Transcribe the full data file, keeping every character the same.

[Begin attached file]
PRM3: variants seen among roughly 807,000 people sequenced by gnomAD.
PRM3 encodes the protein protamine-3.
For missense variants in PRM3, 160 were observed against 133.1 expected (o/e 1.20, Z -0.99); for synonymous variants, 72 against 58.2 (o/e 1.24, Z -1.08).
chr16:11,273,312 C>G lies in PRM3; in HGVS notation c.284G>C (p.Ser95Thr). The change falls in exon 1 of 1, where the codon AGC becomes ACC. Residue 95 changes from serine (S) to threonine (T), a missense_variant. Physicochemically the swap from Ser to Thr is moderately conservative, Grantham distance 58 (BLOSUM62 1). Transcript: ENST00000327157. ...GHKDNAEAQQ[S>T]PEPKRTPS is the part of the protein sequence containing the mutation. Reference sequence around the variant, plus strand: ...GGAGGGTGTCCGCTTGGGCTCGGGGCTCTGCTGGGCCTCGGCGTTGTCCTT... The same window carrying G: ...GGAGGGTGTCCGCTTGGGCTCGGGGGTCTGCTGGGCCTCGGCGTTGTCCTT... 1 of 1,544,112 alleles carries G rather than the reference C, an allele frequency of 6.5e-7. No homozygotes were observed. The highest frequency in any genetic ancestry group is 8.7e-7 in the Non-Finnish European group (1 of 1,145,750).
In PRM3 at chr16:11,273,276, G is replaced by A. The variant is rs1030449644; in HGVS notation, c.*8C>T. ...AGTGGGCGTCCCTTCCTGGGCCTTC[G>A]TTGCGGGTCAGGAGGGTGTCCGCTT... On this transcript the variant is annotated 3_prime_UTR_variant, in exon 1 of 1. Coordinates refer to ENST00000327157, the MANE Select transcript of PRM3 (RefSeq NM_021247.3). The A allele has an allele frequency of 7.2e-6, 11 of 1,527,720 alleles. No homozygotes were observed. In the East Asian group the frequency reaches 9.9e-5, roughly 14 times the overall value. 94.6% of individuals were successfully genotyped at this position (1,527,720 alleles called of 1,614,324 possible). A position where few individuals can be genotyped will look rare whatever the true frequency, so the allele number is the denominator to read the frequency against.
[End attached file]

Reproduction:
PRM3: variants seen among roughly 807,000 people sequenced by gnomAD.
PRM3 encodes the protein protamine-3.
For missense variants in PRM3, 160 were observed against 133.1 expected (o/e 1.20, Z -0.99); for synonymous variants, 72 against 58.2 (o/e 1.24, Z -1.08).
chr16:11,273,312 C>G lies in PRM3; in HGVS notation c.284G>C (p.Ser95Thr). The change falls in exon 1 of 1, where the codon AGC becomes ACC. Residue 95 changes from serine (S) to threonine (T), a missense_variant. Physicochemically the swap from Ser to Thr is moderately conservative, Grantham distance 58 (BLOSUM62 1). Transcript: ENST00000327157. ...GHKDNAEAQQ[S>T]PEPKRTPS is the part of the protein sequence containing the mutation. Reference sequence around the variant, plus strand: ...GGAGGGTGTCCGCTTGGGCTCGGGGCTCTGCTGGGCCTCGGCGTTGTCCTT... The same window carrying G: ...GGAGGGTGTCCGCTTGGGCTCGGGGGTCTGCTGGGCCTCGGCGTTGTCCTT... 1 of 1,544,112 alleles carries G rather than the reference C, an allele frequency of 6.5e-7. No homozygotes were observed. The highest frequency in any genetic ancestry group is 8.7e-7 in the Non-Finnish European group (1 of 1,145,750).
In PRM3 at chr16:11,273,276, G is replaced by A. The variant is rs1030449644; in HGVS notation, c.*8C>T. ...AGTGGGCGTCCCTTCCTGGGCCTTC[G>A]TTGCGGGTCAGGAGGGTGTCCGCTT... On this transcript the variant is annotated 3_prime_UTR_variant, in exon 1 of 1. Coordinates refer to ENST00000327157, the MANE Select transcript of PRM3 (RefSeq NM_021247.3). The A allele has an allele frequency of 7.2e-6, 11 of 1,527,720 alleles. No homozygotes were observed. In the East Asian group the frequency reaches 9.9e-5, roughly 14 times the overall value. 94.6% of individuals were successfully genotyped at this position (1,527,720 alleles called of 1,614,324 possible). A position where few individuals can be genotyped will look rare whatever the true frequency, so the allele number is the denominator to read the frequency against.